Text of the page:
There are also "grey" routes, or routes which do not have one of the main eight colors. These routes can be claimed by using any one color, provided you have enough cards of that color.

For example, say you wanted to claim the route Winnipeg to Sault Ste. Marie (top-center of the board), as shown here:

It's pronounced "soo" not "salt".

That route has six grey spaces, so we could use six black, or six yellow, or four orange and two locomotives, or any combination of color cards and locomotives that add up to six.

Double Routes

Some of the cities are connected by "double" routes. If you look at the "Midwest spine" of cities between Duluth and Houston in the middle of the board, almost all of them are directly connected by double routes. Along the west coast, cities between Los Angeles and Vancouver are also connected by double routes. Many more examples can be found on the game board.

In a game with 4 or 5 players, the double routes cannot both be claimed by the same player. For example, Player 1 could not claim both the black and orange routes between Chicago and Pittsburgh. Our sample project will use 4 players, so we will need to ensure that one player cannot claim both routes in a double-route set.

Board Route Points

Each board route is worth a certain number of points:

  • One-car routes are worth 1 point.
  • Two-car routes are worth 2 points.
  • Three-car routes are worth 4 points.
  • Four-car routes are worth 7 points.
  • Five-car routes are worth 10 points.
  • Six-car routes are worth 15 points.

Destination Cards

At the beginning of the game, each player is dealt three "destination cards". These cards are goals which the player will try to fulfill by connecting two distant cities.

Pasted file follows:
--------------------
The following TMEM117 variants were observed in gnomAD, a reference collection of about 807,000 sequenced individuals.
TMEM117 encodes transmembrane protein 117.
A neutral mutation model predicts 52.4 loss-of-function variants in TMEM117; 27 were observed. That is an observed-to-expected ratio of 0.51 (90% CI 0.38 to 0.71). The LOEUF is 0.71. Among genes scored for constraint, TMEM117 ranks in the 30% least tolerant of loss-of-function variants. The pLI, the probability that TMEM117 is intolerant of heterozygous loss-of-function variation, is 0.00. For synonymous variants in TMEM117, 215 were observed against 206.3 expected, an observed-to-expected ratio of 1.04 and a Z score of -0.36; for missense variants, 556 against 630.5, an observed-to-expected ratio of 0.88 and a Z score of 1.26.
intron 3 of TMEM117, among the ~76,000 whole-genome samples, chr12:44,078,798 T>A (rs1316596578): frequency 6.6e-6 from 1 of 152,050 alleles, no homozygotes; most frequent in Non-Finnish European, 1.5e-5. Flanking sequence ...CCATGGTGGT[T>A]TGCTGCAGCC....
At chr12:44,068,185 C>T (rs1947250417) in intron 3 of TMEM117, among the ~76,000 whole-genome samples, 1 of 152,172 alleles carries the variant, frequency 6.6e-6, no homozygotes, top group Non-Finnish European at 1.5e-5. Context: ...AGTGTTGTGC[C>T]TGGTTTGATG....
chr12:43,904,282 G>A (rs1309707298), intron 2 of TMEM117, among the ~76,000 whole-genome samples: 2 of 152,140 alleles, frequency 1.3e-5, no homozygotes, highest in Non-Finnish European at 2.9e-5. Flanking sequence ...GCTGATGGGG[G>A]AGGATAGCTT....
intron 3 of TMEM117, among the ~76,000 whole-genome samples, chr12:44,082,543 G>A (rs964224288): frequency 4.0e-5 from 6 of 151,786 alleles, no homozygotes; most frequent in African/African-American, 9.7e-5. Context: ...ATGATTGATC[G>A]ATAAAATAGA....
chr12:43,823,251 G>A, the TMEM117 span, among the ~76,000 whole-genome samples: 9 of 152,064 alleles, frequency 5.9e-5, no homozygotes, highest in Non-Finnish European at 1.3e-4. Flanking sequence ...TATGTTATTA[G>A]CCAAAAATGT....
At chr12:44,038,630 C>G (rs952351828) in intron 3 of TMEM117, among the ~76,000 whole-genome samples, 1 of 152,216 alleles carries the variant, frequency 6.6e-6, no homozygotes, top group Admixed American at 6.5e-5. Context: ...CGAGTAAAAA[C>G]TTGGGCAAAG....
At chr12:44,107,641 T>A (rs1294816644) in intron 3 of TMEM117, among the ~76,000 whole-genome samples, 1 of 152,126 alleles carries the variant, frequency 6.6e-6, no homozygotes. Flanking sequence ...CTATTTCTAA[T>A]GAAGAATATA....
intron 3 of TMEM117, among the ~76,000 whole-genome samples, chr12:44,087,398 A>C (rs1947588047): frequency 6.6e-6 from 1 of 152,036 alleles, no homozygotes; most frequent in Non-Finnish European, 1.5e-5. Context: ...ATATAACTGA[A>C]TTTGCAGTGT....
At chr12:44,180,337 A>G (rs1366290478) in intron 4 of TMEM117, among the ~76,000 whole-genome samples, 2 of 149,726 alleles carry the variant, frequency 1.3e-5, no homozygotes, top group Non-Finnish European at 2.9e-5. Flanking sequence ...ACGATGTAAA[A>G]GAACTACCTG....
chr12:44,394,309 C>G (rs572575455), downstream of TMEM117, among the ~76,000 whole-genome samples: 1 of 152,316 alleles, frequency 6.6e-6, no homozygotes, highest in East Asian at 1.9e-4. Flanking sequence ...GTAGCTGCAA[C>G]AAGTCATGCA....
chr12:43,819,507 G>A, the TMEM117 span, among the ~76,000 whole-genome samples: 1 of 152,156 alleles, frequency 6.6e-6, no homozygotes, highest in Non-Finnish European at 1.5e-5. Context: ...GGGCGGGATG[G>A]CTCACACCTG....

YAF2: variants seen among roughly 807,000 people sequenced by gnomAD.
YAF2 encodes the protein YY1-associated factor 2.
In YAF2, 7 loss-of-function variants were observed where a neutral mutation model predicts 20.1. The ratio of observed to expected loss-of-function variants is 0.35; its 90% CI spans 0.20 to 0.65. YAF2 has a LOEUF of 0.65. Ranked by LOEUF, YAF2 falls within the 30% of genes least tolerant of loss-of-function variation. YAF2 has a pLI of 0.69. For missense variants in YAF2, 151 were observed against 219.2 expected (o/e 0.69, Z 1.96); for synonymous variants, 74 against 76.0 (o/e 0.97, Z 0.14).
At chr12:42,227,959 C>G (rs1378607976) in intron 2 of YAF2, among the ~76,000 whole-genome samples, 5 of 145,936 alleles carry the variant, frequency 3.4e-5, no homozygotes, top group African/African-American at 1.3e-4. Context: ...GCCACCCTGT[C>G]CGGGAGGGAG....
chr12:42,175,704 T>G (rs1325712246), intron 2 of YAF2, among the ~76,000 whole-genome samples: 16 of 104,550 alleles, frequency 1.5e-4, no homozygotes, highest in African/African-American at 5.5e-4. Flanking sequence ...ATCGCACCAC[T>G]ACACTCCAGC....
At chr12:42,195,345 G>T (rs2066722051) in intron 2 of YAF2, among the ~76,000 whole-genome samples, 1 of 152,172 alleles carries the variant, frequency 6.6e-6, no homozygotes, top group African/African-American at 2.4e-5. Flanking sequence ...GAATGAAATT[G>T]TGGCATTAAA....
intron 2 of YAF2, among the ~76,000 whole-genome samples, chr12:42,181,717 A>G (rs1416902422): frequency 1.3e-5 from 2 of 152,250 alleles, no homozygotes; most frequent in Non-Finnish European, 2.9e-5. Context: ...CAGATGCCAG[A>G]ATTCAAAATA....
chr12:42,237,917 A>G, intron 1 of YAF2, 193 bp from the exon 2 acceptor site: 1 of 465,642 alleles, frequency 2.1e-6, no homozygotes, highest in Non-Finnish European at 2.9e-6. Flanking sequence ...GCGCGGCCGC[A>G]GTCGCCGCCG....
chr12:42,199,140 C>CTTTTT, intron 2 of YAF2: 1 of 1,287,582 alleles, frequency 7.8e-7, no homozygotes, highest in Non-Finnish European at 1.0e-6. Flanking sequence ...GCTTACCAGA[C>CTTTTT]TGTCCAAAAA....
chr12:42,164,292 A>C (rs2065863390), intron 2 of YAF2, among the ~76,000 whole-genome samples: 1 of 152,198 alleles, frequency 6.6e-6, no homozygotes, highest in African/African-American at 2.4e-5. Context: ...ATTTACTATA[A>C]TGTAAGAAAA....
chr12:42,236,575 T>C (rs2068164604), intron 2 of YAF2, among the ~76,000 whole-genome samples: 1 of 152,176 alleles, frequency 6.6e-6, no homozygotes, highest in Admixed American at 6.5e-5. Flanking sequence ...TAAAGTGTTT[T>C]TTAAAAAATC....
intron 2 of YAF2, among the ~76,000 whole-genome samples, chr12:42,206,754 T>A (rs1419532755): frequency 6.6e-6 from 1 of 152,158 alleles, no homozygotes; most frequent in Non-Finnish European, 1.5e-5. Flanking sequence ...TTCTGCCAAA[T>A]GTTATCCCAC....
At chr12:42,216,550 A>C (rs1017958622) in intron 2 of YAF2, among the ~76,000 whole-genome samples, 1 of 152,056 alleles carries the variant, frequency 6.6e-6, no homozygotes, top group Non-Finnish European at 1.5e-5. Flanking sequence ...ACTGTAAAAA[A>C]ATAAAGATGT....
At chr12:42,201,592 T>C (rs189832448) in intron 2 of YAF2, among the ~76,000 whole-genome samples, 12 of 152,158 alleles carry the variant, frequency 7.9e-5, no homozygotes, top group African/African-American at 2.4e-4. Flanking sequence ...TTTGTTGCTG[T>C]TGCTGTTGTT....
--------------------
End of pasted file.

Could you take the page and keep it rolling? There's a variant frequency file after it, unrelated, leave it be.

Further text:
Each card also has a point value, which is added to the player's score if they have connected the two cities ("finished" the card) by the end of the game. Destination cards which have not been finished have their values subtracted from the player's score.

Example Scoring

Let's say we are the red player, and at the end of the game we have the following destination cards:

Duluth to Houston, 8 Points
Chicago to New Orleans, 7 Points
Dallas to New York, 11 Points
Denver to Pittsburgh, 11 Points

And we have claimed the following routes:

Duluth to Omaha, 2 Points
Omaha to Kansas City, 2 Points
Kansas City to Oklahoma City, 2 Points
Oklahoma City to Dallas, 2 Points
Dallas to Houston, 1 Point
Houston to New Orleans, 2 Points
Omaha to Chicago, 7 Points
Chicago to Pittsburgh, 4 Points
Pittsburgh to Washington, 2 Points
New York to Washington, 2 Points

In this example, we have "finished" all our destination cards except one, Denver to Pittsburgh, so our final score would be 26 (for the routes) + 26 (for the completed destination cards) - 11 (for the incomplete destination card) = 41.